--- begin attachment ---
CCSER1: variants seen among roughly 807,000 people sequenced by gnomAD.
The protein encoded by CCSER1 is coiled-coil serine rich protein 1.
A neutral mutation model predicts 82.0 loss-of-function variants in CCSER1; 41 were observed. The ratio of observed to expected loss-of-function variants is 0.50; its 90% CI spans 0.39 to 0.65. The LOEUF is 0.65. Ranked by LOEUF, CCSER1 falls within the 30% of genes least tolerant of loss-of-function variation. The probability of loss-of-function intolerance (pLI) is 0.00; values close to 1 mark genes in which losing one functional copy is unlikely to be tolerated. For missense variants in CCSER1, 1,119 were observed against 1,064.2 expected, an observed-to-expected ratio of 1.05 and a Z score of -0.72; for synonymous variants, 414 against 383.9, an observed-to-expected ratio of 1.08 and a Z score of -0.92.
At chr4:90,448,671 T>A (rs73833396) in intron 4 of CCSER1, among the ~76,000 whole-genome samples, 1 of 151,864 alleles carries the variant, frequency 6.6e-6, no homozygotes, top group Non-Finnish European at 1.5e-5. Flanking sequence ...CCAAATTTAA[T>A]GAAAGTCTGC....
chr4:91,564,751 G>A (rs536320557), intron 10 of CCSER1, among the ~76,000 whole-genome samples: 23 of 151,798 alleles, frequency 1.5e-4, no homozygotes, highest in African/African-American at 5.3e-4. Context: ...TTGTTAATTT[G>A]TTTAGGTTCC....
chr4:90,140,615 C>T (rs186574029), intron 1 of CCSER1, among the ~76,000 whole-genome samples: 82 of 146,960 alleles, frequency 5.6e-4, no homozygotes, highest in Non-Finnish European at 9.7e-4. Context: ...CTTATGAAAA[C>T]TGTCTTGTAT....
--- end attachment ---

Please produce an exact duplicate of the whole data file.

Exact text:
CCSER1: variants seen among roughly 807,000 people sequenced by gnomAD.
The protein encoded by CCSER1 is coiled-coil serine rich protein 1.
A neutral mutation model predicts 82.0 loss-of-function variants in CCSER1; 41 were observed. The ratio of observed to expected loss-of-function variants is 0.50; its 90% CI spans 0.39 to 0.65. The LOEUF is 0.65. Ranked by LOEUF, CCSER1 falls within the 30% of genes least tolerant of loss-of-function variation. The probability of loss-of-function intolerance (pLI) is 0.00; values close to 1 mark genes in which losing one functional copy is unlikely to be tolerated. For missense variants in CCSER1, 1,119 were observed against 1,064.2 expected, an observed-to-expected ratio of 1.05 and a Z score of -0.72; for synonymous variants, 414 against 383.9, an observed-to-expected ratio of 1.08 and a Z score of -0.92.
At chr4:90,448,671 T>A (rs73833396) in intron 4 of CCSER1, among the ~76,000 whole-genome samples, 1 of 151,864 alleles carries the variant, frequency 6.6e-6, no homozygotes, top group Non-Finnish European at 1.5e-5. Flanking sequence ...CCAAATTTAA[T>A]GAAAGTCTGC....
chr4:91,564,751 G>A (rs536320557), intron 10 of CCSER1, among the ~76,000 whole-genome samples: 23 of 151,798 alleles, frequency 1.5e-4, no homozygotes, highest in African/African-American at 5.3e-4. Context: ...TTGTTAATTT[G>A]TTTAGGTTCC....
chr4:90,140,615 C>T (rs186574029), intron 1 of CCSER1, among the ~76,000 whole-genome samples: 82 of 146,960 alleles, frequency 5.6e-4, no homozygotes, highest in Non-Finnish European at 9.7e-4. Context: ...CTTATGAAAA[C>T]TGTCTTGTAT....